I view the past through eyes of sacred light,
eschew the nagging clock, the grimy dust.
Embrace grace here and in this hallowed time.

The poetry form challenge at dVerse today is the challenging SESTINA and I am pleased to be hosting it. I have attempted to write this in iambic pentameter. I’d be grateful for any critique you have to offer.

Please don’t be afraid to give it a whirl. It’s quite fun.

25 thoughts on “In Her Library, the Day Before She Dies–dVerse Poetry Forms, Sestina

  1. Truedessa says:

    Victoria, I decided to try this challenging form. I am not sure how I did. Yours is filled with emotions. The clock is a reminder that our time is limited in this space on earth. I could feel the emptiness of the house. (sigh)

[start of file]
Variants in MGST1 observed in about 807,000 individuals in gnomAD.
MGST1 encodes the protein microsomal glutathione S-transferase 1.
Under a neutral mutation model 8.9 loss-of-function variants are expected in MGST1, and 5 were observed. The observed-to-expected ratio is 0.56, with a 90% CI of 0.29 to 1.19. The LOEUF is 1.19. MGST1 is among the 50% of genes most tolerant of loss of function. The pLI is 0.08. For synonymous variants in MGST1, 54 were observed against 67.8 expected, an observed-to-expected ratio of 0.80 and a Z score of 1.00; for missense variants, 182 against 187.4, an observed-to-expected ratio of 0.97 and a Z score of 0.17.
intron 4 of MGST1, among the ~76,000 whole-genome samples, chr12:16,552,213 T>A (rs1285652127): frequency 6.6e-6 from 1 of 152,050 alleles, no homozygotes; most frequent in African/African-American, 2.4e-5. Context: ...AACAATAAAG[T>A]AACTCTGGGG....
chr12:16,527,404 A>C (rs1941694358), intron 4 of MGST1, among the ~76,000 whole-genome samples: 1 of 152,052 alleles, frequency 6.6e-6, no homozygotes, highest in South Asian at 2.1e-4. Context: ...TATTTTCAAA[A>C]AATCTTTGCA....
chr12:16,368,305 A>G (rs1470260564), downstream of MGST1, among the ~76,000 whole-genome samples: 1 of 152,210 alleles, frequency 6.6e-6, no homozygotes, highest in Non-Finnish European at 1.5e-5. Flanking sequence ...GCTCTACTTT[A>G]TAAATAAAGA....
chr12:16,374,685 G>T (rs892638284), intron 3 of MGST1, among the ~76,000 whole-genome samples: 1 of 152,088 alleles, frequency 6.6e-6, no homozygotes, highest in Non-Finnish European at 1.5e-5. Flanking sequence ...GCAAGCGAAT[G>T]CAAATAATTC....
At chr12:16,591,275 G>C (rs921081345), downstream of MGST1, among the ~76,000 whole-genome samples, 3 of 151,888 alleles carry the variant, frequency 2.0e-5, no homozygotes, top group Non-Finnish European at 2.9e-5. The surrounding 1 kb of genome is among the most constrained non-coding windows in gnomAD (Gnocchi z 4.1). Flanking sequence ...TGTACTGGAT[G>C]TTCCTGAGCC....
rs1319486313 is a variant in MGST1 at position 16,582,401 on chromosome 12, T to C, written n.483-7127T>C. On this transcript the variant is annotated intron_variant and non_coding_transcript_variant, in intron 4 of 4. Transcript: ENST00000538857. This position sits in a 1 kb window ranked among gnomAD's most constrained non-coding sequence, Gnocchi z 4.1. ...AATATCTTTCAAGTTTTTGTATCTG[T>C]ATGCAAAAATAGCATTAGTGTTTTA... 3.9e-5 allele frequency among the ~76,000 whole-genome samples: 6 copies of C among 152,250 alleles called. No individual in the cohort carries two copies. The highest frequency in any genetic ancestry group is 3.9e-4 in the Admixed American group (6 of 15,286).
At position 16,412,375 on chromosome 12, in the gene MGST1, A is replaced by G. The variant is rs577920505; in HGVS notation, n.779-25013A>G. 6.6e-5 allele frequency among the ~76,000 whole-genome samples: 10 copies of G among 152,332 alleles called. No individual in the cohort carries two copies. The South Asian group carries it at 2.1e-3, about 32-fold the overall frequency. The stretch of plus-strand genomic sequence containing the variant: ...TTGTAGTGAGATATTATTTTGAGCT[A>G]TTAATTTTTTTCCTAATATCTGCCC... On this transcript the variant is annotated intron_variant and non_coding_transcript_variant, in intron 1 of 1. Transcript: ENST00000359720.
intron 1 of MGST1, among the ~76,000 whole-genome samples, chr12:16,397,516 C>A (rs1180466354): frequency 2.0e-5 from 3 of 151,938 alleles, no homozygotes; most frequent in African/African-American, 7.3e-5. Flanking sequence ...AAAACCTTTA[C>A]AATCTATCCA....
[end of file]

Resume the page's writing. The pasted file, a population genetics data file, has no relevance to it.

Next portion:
2. This is very moving and the sense of the books reflecting different stages of life and moods seems so pertinent to what our life’s may mean to others when we’re gone. I’ve often wondered why I don’t ‘shed’ some of my earlier books but I think I like to have some continuity with my life in books. Not sure it would help my daughters but who knows and I still keep some of the books of my parents. I thinks this is very moving as it seems like a metaphor for memory loss and the loss of our past with the books and the ‘ malignant’ dust.

    Liked by 1 person

  3. The iambic pentameter works beautifully with this deeply serious subject matter, to create both unforgettable images and authentic emotions.

    Liked by 1 person

  4. memadtwo says:

    I love the way this makes a circle, and time speeds up and then slows down again. (K)

    Liked by 1 person

  5. lynn__ says: